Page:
EVALUATION STUDY
JOURNAL ARTICLE
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Role of staging laparoscopy in the stratification of patients with perihilar cholangiocarcinoma.

BACKGROUND: Cholangiocarcinoma is a rare cancer with a poor prognosis. Radical surgical resection is the only option for curative treatment. Optimal determination of resectability is required so that patients can be stratified into operative or chemotherapeutic treatment cohorts in an accurate and time-efficient manner. Staging laparoscopy is utilized to determine the presence of radiologically occult disease that would preclude further surgical treatment. The aim of this study was to analyse the utility of staging laparoscopy in a contemporary cohort of patients with perihilar cholangiocarcinoma.

METHODS: Patients diagnosed with potentially resectable perihilar cholangiocarcinoma between January 2010 and April 2015 were analysed retrospectively from a prospective database linked to UK Hospital Episode Statistics data. Patients with distal cholangiocarcinoma and gallbladder cancer were excluded from analysis.

RESULTS: A total of 431 patients with perihilar cholangiocarcinoma were referred for assessment of potential resection at a supraregional referral centre. Some 116 patients with potentially resectable disease subsequently underwent surgical assessment. The cohort demonstrated an all-cause yield of staging laparoscopy for unresectable disease of 27·2 per cent (31 of 114). The sensitivity for detection of peritoneal disease was 71 per cent (15 of 21; P < 0·001). The accuracy for all-cause non-resection for staging laparoscopy was 66 per cent (31 of 47) with a positive predictive value of progress to resection of 81 per cent (69 of 85). Neither the Bismuth-Corlette nor the Memorial Sloan Kettering Cancer Center preoperative scoring system was contingent with cause of unresectability at staging laparoscopy (P = 0·462 and P = 0·280 respectively).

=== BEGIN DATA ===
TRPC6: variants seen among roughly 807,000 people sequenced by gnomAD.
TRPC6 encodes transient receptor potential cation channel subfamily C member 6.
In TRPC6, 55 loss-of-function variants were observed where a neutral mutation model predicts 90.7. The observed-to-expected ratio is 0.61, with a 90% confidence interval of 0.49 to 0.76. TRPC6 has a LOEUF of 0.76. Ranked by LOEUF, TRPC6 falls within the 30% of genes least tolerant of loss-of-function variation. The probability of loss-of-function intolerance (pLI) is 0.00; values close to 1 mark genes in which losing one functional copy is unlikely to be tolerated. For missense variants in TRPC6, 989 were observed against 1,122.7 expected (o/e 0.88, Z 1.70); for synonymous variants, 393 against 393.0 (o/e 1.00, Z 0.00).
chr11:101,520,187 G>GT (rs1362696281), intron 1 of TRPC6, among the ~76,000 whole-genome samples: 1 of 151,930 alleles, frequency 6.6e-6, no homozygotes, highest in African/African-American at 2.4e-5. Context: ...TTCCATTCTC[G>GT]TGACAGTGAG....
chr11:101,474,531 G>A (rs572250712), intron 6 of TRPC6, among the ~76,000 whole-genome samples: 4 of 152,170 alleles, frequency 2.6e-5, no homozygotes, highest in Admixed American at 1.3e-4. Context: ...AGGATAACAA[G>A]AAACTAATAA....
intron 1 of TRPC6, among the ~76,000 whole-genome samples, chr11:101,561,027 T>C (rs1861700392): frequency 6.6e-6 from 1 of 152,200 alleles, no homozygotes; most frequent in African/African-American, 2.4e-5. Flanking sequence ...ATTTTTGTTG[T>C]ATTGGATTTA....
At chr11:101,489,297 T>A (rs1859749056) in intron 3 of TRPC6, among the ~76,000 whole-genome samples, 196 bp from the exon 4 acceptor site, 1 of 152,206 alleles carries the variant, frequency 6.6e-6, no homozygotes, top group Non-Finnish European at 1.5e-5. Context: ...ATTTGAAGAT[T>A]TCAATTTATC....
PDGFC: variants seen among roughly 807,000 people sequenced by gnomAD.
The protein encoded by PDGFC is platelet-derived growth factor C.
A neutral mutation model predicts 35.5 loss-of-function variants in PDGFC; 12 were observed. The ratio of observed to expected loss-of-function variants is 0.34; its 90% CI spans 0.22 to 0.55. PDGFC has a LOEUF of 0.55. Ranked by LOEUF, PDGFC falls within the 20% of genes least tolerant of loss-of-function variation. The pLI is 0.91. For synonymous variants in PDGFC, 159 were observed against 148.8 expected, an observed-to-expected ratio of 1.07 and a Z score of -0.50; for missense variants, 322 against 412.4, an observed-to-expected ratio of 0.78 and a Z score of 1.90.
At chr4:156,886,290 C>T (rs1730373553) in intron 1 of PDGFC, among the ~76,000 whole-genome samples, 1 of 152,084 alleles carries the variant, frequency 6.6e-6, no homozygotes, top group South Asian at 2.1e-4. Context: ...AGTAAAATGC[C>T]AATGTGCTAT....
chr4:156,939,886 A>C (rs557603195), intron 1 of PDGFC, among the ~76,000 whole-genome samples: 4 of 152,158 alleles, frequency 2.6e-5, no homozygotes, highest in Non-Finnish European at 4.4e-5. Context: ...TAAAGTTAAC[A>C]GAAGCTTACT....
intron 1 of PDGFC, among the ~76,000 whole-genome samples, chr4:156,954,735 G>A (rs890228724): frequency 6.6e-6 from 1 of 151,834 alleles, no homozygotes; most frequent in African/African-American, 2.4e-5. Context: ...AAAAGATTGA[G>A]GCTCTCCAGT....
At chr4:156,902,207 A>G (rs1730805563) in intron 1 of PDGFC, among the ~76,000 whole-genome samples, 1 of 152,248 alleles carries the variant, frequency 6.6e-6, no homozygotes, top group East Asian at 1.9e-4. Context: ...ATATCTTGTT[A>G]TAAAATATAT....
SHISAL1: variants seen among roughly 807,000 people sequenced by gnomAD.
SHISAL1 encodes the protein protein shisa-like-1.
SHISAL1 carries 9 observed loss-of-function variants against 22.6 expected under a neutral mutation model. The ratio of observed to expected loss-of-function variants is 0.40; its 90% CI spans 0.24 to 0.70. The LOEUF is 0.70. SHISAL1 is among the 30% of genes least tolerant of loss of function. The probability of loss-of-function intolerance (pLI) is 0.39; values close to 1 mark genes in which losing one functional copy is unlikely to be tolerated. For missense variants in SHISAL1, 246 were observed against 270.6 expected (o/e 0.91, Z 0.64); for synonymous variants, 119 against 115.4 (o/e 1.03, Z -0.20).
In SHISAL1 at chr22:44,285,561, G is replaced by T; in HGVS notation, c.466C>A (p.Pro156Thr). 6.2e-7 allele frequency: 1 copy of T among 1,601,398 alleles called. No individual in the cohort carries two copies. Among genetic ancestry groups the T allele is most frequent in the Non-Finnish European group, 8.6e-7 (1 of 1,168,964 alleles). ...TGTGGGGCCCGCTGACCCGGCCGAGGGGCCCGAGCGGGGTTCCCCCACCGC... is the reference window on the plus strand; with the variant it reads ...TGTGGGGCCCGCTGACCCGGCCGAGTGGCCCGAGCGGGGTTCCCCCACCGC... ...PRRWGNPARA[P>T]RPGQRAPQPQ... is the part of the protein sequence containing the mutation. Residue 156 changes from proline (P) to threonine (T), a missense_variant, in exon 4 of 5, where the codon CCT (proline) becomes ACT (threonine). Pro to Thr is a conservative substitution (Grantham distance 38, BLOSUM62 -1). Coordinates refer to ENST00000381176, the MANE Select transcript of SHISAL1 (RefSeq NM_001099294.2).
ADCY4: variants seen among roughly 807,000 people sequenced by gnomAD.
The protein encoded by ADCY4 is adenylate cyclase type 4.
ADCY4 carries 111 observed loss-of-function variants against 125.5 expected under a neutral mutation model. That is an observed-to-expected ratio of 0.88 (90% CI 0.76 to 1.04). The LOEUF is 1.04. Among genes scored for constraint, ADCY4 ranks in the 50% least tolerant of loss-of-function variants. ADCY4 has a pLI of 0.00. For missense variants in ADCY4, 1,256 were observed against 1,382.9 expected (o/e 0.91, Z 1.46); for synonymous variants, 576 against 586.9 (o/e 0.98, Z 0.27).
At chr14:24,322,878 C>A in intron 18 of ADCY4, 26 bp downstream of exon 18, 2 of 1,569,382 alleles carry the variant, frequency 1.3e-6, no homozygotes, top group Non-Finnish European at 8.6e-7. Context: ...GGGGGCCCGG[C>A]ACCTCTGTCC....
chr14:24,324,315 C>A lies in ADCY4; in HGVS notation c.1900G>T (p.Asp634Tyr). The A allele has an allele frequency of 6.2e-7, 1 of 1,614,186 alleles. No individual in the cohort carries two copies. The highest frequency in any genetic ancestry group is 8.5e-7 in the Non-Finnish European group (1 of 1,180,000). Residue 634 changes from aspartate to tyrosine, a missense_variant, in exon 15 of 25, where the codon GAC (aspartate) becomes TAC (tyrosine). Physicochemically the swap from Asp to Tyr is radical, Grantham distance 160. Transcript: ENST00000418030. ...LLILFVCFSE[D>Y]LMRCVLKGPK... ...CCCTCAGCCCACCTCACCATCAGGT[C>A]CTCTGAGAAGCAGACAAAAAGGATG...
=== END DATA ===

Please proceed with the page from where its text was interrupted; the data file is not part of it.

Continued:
CONCLUSION: In the present cohort, staging laparoscopy proved useful in determining the presence of radiologically occult metastatic disease in perihilar cholangiocarcinoma.

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